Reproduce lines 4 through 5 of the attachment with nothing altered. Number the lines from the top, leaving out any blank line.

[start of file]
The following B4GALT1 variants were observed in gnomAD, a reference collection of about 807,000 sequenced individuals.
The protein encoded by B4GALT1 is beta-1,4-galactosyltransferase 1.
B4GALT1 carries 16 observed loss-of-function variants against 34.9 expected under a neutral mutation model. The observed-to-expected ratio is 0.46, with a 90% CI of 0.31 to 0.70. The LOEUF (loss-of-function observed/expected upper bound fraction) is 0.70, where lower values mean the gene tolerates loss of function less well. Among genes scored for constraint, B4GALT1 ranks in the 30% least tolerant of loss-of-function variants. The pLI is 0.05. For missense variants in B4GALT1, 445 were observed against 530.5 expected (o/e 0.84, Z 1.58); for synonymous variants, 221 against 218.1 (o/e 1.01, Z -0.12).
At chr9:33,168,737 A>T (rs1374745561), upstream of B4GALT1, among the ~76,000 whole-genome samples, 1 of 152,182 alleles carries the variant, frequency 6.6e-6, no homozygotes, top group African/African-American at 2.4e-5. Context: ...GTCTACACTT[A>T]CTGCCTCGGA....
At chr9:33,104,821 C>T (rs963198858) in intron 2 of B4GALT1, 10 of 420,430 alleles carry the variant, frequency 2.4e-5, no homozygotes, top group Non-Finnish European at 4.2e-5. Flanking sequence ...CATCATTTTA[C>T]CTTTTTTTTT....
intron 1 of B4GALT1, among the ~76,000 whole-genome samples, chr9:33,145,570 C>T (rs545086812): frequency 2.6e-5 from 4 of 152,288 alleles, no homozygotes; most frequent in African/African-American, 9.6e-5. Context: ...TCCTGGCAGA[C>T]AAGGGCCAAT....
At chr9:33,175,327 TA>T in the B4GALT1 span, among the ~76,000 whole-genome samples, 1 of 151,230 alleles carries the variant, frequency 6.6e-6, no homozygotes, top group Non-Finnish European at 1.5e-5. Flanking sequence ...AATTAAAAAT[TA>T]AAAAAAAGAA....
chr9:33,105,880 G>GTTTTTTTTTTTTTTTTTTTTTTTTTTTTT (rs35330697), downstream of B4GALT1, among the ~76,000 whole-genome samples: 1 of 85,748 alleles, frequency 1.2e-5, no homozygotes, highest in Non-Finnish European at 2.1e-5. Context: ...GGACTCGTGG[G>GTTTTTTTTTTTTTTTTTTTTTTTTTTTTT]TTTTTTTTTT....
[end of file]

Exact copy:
At chr9:33,168,737 A>T (rs1374745561), upstream of B4GALT1, among the ~76,000 whole-genome samples, 1 of 152,182 alleles carries the variant, frequency 6.6e-6, no homozygotes, top group African/African-American at 2.4e-5. Context: ...GTCTACACTT[A>T]CTGCCTCGGA....
At chr9:33,104,821 C>T (rs963198858) in intron 2 of B4GALT1, 10 of 420,430 alleles carry the variant, frequency 2.4e-5, no homozygotes, top group Non-Finnish European at 4.2e-5. Flanking sequence ...CATCATTTTA[C>T]CTTTTTTTTT....